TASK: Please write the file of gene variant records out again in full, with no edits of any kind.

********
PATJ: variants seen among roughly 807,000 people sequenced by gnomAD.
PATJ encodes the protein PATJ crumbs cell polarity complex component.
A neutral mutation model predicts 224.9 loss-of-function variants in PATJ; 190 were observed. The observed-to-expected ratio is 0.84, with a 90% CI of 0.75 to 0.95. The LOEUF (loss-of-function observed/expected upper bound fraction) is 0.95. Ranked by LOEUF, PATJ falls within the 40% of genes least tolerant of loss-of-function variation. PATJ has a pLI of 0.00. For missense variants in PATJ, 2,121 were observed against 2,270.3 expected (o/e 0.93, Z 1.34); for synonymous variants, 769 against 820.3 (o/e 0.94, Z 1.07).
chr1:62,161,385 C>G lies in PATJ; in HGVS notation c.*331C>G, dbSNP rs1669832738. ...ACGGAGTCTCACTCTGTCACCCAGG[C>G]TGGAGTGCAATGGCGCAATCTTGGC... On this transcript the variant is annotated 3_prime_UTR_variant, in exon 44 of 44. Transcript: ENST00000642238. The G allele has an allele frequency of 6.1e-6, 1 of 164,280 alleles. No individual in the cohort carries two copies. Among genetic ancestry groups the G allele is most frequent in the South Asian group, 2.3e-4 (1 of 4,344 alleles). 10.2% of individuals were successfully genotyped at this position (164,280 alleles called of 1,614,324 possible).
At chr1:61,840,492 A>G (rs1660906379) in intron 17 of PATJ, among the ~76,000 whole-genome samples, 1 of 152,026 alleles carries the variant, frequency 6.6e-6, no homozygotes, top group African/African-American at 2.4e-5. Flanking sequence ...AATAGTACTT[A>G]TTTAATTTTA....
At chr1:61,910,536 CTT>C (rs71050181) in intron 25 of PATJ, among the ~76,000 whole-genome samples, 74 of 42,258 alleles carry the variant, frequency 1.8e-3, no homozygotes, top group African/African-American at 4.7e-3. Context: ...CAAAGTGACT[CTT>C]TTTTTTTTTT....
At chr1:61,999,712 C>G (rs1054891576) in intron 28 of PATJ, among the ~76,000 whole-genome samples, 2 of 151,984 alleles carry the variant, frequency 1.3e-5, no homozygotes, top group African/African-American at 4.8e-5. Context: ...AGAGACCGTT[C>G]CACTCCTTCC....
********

PATJ: variants seen among roughly 807,000 people sequenced by gnomAD.
PATJ encodes the protein PATJ crumbs cell polarity complex component.
A neutral mutation model predicts 224.9 loss-of-function variants in PATJ; 190 were observed. The observed-to-expected ratio is 0.84, with a 90% CI of 0.75 to 0.95. The LOEUF (loss-of-function observed/expected upper bound fraction) is 0.95. Ranked by LOEUF, PATJ falls within the 40% of genes least tolerant of loss-of-function variation. PATJ has a pLI of 0.00. For missense variants in PATJ, 2,121 were observed against 2,270.3 expected (o/e 0.93, Z 1.34); for synonymous variants, 769 against 820.3 (o/e 0.94, Z 1.07).
chr1:62,161,385 C>G lies in PATJ; in HGVS notation c.*331C>G, dbSNP rs1669832738. ...ACGGAGTCTCACTCTGTCACCCAGG[C>G]TGGAGTGCAATGGCGCAATCTTGGC... On this transcript the variant is annotated 3_prime_UTR_variant, in exon 44 of 44. Transcript: ENST00000642238. The G allele has an allele frequency of 6.1e-6, 1 of 164,280 alleles. No individual in the cohort carries two copies. Among genetic ancestry groups the G allele is most frequent in the South Asian group, 2.3e-4 (1 of 4,344 alleles). 10.2% of individuals were successfully genotyped at this position (164,280 alleles called of 1,614,324 possible).
At chr1:61,840,492 A>G (rs1660906379) in intron 17 of PATJ, among the ~76,000 whole-genome samples, 1 of 152,026 alleles carries the variant, frequency 6.6e-6, no homozygotes, top group African/African-American at 2.4e-5. Flanking sequence ...AATAGTACTT[A>G]TTTAATTTTA....
At chr1:61,910,536 CTT>C (rs71050181) in intron 25 of PATJ, among the ~76,000 whole-genome samples, 74 of 42,258 alleles carry the variant, frequency 1.8e-3, no homozygotes, top group African/African-American at 4.7e-3. Context: ...CAAAGTGACT[CTT>C]TTTTTTTTTT....
At chr1:61,999,712 C>G (rs1054891576) in intron 28 of PATJ, among the ~76,000 whole-genome samples, 2 of 151,984 alleles carry the variant, frequency 1.3e-5, no homozygotes, top group African/African-American at 4.8e-5. Context: ...AGAGACCGTT[C>G]CACTCCTTCC....